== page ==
Vampire crabs are also relatively small in size as compared to its other counterparts as well. They can grow up to the maximum diameter size of 5-6 cm or 2-2.5 inches across their stretched leg span. They are an omnivore species, which means they can survive on almost anything you throw at them, including frozen food, vegetables, or just any type of fish food you usually get from your supermarket. In addition to that, they can chew on natural vegetations, algae, smaller fish, and shrimps well, making them extremely easy to take care of once you have established an ideal breeding enclosure. 

In an ideal aquarium set up with proper care, a vampire crab can usually live up to 2-3 years. Vampire crabs in contradiction to their name tag are also a peaceful species and can co-exist with its other marine companions without showing any prominent signs of aggression. 

Rainbow Crabs

Rainbow Crabs

Rainbow crabs are exactly as they sound – vibrant and contrast colored crabs that are a treat to look at. They are native to West African coastal areas and rivers and are known popularly for their exquisite blend of colors.

Rainbow crabs usually have a distinct purple to the blue-colored carapace, whereas, the claws/legs have colors ranging from red to bright orange, which makes them one of the most elegant freshwater crabs you can add to your aquarium community. Male rainbow crabs are also known to be more vibrant in color compared to their female counterparts, as well. 

Rainbow crabs, as opposed to other miniature freshwater crabs, are also relatively larger in size and can grow up to a maximum size of 6-8 inches (~15-20 cm) across the width of the carapace.

However, the average size of such vibrant crabs measures only up to 4 inches, which is still a relatively large crab species. Their substantial size means you will have to keep them in an aquarium with generous space to help them move around with limited restrictions. 

Rainbow crabs are not fully aquatic species, which means you will need to incorporate a dry land space in your aquarium to help them take a breather from time to time. They also like to spend most of their leisure time burrowing into the thick sandy ground as well. Hence, it is recommended to provide ample thick sandy floors they can dig into. 

They can survive ideally on both freshwaters as well as brackish water conditions, making them easy to care for as well. Although it is not essential to provide UV lightings, it is a vital element if you want to bring out their bright and vibrant color shades. 

Rainbow crabs, in general, exhibit a non-violent nature, but the males tend to get aggressive when kept together in close proximity. Hence, keeping multiple male rainbow crabs in a limited enclosure is not recommended.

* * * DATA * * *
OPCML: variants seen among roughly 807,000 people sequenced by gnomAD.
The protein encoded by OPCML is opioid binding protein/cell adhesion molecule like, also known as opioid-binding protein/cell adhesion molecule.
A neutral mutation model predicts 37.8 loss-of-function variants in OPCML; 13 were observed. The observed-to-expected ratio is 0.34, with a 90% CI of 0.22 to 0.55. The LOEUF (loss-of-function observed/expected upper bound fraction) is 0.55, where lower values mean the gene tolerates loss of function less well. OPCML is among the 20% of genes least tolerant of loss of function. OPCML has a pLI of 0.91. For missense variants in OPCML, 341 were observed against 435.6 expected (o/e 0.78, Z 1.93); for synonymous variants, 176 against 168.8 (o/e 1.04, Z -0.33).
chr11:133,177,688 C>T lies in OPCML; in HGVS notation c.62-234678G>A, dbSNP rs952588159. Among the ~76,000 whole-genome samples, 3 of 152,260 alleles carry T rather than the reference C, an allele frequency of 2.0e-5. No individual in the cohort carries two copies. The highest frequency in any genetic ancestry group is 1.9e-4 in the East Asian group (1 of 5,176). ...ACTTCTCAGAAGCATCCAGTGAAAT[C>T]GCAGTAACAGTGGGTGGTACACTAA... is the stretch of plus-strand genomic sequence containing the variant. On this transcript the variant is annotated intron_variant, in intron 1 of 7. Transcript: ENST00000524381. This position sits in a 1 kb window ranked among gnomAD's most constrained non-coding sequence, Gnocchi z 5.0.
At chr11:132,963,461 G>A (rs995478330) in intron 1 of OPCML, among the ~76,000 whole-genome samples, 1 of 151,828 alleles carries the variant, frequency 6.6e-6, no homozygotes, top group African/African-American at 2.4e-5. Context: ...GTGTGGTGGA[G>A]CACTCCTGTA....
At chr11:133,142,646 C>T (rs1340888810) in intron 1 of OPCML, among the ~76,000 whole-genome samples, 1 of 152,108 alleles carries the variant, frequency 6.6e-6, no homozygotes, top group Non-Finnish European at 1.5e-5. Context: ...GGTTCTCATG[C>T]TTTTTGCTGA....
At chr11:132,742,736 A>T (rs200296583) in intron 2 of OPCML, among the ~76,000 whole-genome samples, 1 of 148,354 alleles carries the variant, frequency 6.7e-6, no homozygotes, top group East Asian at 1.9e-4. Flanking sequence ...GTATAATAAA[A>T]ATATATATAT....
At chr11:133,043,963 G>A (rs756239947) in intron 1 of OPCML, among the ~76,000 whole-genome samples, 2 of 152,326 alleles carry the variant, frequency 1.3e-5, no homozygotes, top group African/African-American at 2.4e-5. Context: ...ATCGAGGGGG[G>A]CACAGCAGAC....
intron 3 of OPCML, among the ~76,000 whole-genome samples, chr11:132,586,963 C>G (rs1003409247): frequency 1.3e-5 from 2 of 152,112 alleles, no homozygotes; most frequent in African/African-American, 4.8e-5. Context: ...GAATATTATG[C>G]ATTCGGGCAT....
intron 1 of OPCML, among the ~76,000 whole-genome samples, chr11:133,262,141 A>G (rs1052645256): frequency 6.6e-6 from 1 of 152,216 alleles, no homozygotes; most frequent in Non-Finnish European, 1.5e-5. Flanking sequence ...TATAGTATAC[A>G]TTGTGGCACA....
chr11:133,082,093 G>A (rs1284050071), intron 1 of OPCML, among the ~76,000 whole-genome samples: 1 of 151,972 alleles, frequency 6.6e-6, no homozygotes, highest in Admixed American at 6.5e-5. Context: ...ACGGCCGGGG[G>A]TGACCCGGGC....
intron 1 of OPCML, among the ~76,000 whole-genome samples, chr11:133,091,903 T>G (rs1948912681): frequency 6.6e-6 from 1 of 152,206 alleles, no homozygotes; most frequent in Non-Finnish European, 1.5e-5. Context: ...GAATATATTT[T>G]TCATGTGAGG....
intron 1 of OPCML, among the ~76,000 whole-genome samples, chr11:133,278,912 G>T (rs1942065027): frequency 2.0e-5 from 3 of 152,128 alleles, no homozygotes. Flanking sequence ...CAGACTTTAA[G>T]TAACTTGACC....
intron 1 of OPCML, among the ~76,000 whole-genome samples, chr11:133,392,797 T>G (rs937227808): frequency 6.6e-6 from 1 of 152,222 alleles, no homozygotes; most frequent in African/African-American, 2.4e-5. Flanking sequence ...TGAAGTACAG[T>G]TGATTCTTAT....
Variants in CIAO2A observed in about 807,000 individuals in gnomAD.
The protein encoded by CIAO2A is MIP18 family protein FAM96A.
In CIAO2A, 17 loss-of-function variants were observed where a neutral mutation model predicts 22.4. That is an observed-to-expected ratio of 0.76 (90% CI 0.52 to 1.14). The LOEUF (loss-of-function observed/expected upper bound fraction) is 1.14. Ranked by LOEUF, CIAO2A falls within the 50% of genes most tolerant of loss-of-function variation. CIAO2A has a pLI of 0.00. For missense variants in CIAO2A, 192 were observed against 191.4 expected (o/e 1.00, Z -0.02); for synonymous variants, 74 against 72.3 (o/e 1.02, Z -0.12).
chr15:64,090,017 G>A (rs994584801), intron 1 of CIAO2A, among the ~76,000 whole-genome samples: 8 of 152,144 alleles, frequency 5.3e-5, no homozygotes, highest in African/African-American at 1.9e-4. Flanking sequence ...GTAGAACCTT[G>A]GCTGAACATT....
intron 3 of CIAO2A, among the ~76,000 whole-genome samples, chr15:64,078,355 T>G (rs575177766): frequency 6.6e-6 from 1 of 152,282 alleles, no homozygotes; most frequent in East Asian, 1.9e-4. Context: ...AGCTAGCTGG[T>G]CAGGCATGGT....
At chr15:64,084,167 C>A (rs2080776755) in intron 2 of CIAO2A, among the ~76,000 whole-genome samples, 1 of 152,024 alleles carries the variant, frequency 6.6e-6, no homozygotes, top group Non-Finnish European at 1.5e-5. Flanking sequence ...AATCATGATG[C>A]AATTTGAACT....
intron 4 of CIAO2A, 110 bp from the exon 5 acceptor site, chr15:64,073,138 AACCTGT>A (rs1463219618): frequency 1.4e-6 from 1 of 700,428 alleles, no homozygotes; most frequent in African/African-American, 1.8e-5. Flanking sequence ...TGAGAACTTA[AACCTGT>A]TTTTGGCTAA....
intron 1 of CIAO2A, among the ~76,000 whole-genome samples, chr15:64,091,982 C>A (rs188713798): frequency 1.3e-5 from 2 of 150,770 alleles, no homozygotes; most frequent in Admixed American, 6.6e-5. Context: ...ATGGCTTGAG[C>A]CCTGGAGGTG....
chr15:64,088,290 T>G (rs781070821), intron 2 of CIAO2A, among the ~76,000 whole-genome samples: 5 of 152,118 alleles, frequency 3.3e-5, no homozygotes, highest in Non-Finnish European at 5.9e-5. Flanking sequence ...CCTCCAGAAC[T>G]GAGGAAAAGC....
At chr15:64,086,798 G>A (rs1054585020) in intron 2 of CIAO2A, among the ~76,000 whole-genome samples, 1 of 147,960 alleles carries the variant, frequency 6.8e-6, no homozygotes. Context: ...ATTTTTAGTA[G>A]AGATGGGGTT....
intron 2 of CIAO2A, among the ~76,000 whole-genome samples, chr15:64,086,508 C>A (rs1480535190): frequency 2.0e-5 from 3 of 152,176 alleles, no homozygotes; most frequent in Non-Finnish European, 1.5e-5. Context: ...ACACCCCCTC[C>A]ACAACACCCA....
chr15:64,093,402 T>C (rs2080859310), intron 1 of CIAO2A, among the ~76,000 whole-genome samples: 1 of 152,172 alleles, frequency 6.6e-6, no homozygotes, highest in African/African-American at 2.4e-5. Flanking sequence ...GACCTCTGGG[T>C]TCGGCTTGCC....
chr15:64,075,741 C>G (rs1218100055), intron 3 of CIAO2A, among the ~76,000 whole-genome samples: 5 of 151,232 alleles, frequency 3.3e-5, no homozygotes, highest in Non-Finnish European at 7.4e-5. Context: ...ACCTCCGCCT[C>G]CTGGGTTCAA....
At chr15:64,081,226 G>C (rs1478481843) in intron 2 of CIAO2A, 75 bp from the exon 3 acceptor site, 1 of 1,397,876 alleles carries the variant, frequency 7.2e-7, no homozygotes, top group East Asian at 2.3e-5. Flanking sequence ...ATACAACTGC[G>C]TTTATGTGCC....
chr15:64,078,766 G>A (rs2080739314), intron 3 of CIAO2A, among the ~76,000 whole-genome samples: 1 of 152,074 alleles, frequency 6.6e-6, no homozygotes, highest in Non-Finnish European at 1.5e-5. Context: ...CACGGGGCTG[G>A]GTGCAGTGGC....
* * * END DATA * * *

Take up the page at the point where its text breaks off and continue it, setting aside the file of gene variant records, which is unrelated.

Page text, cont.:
They are an omnivore and can survive on almost any type of everyday food item you throw at them, including worms, vegetables, fruits, pinkies, fish, crab or turtle pellets, etc. It is also believed that small chunks of cuttlefish are good for their exoskeleton, as well.              

Purple Matano Crabs 

Purple Matano Crab

If you love showing off exquisite pieces of freshwater crabs and fishes on your aquarium, the Purple Matano crab is your ideal marine companion. Dominated by the striking color of the purple carapace and bright yellow legs, these freshwater crabs are an incredible sight to behold. 

Lake Manato is a natural lake located in the South Sulawesi province in Indonesia and is the native home to Purple Manato crabs – hence, the name. They are relatively a larger species of freshwater creatures as well, and their carapace diameter can measure up to the maximum size of 5 inches (~12 cm) in width. In addition to that, they are a naturally extrovert/active marine species, as well. Hence, you require at least a 20-gallon tank capacity to house these adorable marine pets. 

Purple matano crabs are known to exhibit significant aggressive temperament when kept in close proximity with other smaller aquarium crabs and fishes. They are also an expert climber, which means they will not hesitate to climb out through any possible exits. It is, therefore, vital to keep all the openings properly shut to prevent such occurrences. 

They are also amongst the few freshwater crabs that depend entirely on the marine environment, which means you don’t have to carve out a spate dry land. Purple Matano are omnivorous scavengers and, thus, can survive on a wide array of diet plans ranging from frozen foods, tiny bits of vegetables, non-oily fishes, worms, etc. It is also not recommended to keep smaller shrimps or slow fishes alongside purple matano as it can easily turn those innocent marine creatures to food.